In recent years, the use of fluorescence spectroscopy has been explored for diagnosis of cancer. Infrared imaging (IRI) using a spectroscopic agent, has several advantages over other in vivo techniques in that the technique is non-invasive and under proper conditions can give deep penetration and quantitative results. The complete profile of uptake, retention and elimination of needed spectroscopic agents can be followed within a single laboratory animal thus reducing the number of animals required in preclinical trials.

The requirements for an ideal spectroscopic agent needed for infrared imaging techniques are as follows: i) it should preferentially localize in tumor cells; ii) it should have high fluorescent efficiency; iii) it should not produce phototoxicity or other adverse effects in a patient; iv) it should be easy to synthesize; v) it should be chemically pure; and vi) it should have a long wave length emission so that deep seated tumors can be detected.

Porphyrins, chlorins, and bacteriochlorins including their analogs and derivatives have recently found superior utility as photodynamic compounds for use in diagnosis and treatment of disease, especially certain cancers. These compounds have also found utility in treatment of psoriasis and papillomatosis.

Such derivatives include dimers and trimers of these compounds. Permissible derivatives also include ring variations of these compounds; provided that, the central sixteen sided four nitrogen heterocycle of these compounds remains intact. Chlorophyllins, purpurins and pheophorbides and their derivatives are, therefore, included within "porphyrins, chlorins, and bacteriochlorins and their derivatives and analogs". Such derivatives include modifications of substituents upon these ring structures.

Numerous articles have been written on this subject, e.g. "Use of the Chlorophyll Derivative Purpurin-18, for Synthesis of Sensitizers for Use in Photodynamic Therapy", Lee et al., J. Chem. Soc., 1993, (19) 2369-77; "Synthesis of New Bacteriochlorins And Their Antitumor Activity", Pandey et al., Biology and Med. Chem. Letters, 1992; "Photosensitizing Properties of Bacteriochlorophyllin a and Bacteriochlorin a, Two Derivatives of Bacteriochlorophyll a", Beems et al., Photochemistry and Photobiology, 1987, v. 46, 639-643; "Photoradiation Therapy. II. Cure of Animal Tumors With Hematoporphyrin and Light", Dougherty et al., Journal of the National Cancer Institute, July 1975, v. 55, 115-119; "Photodynamic therapy of C3H mouse mammary carcinoma with haematoporphyrin di-esters as sensitizers", Evensen et al., Br. J. Cancer, 1987, 55, 483-486; "Substituent Effects in Tetrapyrrole Subunit Reactivity and Pinacol-Pinacolone Rearrangements: VIC-Dihydroxychlorins and VIC-Dihydroxybacteriochlorins" Pandey et al., Tetrahedron Letters, 1992, v. 33, 7815-7818; "Photodynamic Sensitizers from Chlorophyll: Purpurin-18 and Chlorin p6 ", Hoober et al., 1988, v.48, 579-582; "Structure/Activity Relationships Among Photosensitizers Related to Pheophorbides and Bacteriopheophorbides", Pandey et al., Bioorganic and Medicinal Chemistry Letters, 1992, v 2, 491-496; "Photodynamic Therapy Mechanisms", Pandey et al., Proceedings Society of Photo-Optical Instrumentation Engineers (SPIE), 1989, v 1065, 164-174; and "Fast Atom Bombardment Mass Spectral Analyses of Photofrin II® and its Synthetic Analogs", Pandey et al., Biomedical and Environmental Mass Spectrometry, 1990, v. 19, 405-414. These articles are incorporated by reference herein as background art.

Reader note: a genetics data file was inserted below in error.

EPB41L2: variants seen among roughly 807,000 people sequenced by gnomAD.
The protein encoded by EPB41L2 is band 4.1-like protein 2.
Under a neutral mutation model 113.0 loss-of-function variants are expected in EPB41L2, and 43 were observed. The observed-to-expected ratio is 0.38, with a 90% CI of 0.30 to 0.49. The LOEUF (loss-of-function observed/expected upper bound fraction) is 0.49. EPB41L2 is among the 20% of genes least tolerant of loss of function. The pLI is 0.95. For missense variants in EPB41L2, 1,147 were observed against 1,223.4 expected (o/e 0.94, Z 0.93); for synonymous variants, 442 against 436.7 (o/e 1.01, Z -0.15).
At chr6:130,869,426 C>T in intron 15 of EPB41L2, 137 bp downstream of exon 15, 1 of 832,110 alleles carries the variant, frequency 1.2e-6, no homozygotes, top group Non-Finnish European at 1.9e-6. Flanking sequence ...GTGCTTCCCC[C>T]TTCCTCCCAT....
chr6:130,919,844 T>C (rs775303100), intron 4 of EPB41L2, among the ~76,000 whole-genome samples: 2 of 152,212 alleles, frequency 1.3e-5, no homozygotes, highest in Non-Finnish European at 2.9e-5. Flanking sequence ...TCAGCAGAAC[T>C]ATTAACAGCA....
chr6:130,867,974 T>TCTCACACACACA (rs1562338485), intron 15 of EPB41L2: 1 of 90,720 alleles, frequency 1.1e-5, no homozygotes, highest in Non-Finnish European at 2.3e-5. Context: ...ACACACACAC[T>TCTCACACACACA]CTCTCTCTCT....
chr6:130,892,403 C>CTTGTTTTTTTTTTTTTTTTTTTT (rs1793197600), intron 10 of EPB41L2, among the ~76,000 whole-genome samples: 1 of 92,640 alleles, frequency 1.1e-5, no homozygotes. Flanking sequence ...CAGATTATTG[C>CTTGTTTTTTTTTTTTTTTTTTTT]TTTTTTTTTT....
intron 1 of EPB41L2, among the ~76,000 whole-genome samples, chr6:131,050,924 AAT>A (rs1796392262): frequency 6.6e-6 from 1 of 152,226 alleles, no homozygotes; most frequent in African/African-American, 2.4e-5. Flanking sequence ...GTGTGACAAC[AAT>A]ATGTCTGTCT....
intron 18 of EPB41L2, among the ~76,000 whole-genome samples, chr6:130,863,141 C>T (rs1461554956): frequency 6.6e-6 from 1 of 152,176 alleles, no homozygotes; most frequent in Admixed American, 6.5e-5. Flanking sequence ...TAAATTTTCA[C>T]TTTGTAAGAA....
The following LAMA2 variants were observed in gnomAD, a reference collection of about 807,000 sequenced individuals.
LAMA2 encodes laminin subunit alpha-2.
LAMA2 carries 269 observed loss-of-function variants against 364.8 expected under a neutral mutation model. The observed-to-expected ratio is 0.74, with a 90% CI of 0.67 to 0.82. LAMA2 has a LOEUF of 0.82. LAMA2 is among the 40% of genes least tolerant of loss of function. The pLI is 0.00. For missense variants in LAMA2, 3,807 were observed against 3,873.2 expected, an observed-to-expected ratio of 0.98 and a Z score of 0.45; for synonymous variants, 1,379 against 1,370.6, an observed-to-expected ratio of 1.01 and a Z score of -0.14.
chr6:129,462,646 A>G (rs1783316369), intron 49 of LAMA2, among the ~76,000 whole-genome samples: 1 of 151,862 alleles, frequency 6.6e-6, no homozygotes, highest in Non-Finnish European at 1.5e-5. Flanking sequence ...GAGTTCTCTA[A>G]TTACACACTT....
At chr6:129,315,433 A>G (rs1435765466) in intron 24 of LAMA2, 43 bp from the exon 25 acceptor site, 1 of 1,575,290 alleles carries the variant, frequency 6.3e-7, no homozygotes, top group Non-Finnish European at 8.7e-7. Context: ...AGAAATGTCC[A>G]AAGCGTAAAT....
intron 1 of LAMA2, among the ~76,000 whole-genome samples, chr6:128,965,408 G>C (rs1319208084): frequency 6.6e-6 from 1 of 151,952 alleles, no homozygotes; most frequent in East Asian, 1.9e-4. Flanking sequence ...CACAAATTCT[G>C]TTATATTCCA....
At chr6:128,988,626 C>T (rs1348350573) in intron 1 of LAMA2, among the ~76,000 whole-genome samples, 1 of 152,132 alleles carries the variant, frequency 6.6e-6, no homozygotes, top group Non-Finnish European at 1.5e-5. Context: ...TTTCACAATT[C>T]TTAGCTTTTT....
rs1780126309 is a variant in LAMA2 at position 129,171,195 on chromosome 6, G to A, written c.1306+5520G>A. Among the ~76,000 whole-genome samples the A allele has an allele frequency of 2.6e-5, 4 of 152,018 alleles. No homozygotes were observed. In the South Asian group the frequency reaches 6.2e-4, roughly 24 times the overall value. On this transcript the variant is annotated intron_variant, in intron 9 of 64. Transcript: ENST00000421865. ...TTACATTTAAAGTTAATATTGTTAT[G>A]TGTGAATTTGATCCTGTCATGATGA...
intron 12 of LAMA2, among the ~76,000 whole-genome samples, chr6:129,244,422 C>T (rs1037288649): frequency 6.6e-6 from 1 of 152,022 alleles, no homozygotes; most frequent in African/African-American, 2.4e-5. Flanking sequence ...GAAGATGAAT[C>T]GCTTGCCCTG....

Numerous patents in this area have been applied for and granted world wide on these photodynamic compounds. Reference may be had, for example to the following U.S. patents which are incorporated herein by reference: U.S. Pat. Nos. 4,649,151; 4,866,168; 4,889,129; 4,932,934; 4,968,715; 5,002,962; 5,015,463; 5,028,621; 5,145,863; 5,198,460; 5,225,433; 5,314,905; 5,459,159; 5,498,710; and 5,591,847.

At least one of these compounds "Photofrin®" has received approval for use in the United States, Canada and Japan. Others of these compounds are in clinical trials or are being considered for such trials.

The term "porphyrins, chlorins and bacteriochlorins" as used herein is intended to include their derivatives and analogs, as described above, and as described and illustrated by the foregoing articles and patents incorporated herein by reference as background art.